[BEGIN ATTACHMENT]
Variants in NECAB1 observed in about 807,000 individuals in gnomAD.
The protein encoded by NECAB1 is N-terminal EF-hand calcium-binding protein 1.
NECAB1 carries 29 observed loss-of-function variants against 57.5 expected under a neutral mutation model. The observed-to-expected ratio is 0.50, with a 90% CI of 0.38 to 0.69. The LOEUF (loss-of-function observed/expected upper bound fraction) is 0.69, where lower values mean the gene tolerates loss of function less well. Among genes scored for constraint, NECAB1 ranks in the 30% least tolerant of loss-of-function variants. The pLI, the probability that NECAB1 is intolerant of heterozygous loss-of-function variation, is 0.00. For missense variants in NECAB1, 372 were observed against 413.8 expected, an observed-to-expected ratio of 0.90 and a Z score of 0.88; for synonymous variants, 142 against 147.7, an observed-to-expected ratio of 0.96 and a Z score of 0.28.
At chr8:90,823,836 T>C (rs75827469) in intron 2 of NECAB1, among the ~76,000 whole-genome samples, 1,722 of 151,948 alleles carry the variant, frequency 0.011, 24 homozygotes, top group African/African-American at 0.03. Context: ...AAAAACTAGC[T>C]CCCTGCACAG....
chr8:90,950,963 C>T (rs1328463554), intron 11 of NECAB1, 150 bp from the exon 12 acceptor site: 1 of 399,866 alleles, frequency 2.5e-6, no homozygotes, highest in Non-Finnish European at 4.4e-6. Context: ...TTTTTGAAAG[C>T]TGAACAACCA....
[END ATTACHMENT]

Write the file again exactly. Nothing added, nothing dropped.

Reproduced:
Variants in NECAB1 observed in about 807,000 individuals in gnomAD.
The protein encoded by NECAB1 is N-terminal EF-hand calcium-binding protein 1.
NECAB1 carries 29 observed loss-of-function variants against 57.5 expected under a neutral mutation model. The observed-to-expected ratio is 0.50, with a 90% CI of 0.38 to 0.69. The LOEUF (loss-of-function observed/expected upper bound fraction) is 0.69, where lower values mean the gene tolerates loss of function less well. Among genes scored for constraint, NECAB1 ranks in the 30% least tolerant of loss-of-function variants. The pLI, the probability that NECAB1 is intolerant of heterozygous loss-of-function variation, is 0.00. For missense variants in NECAB1, 372 were observed against 413.8 expected, an observed-to-expected ratio of 0.90 and a Z score of 0.88; for synonymous variants, 142 against 147.7, an observed-to-expected ratio of 0.96 and a Z score of 0.28.
At chr8:90,823,836 T>C (rs75827469) in intron 2 of NECAB1, among the ~76,000 whole-genome samples, 1,722 of 151,948 alleles carry the variant, frequency 0.011, 24 homozygotes, top group African/African-American at 0.03. Context: ...AAAAACTAGC[T>C]CCCTGCACAG....
chr8:90,950,963 C>T (rs1328463554), intron 11 of NECAB1, 150 bp from the exon 12 acceptor site: 1 of 399,866 alleles, frequency 2.5e-6, no homozygotes, highest in Non-Finnish European at 4.4e-6. Context: ...TTTTTGAAAG[C>T]TGAACAACCA....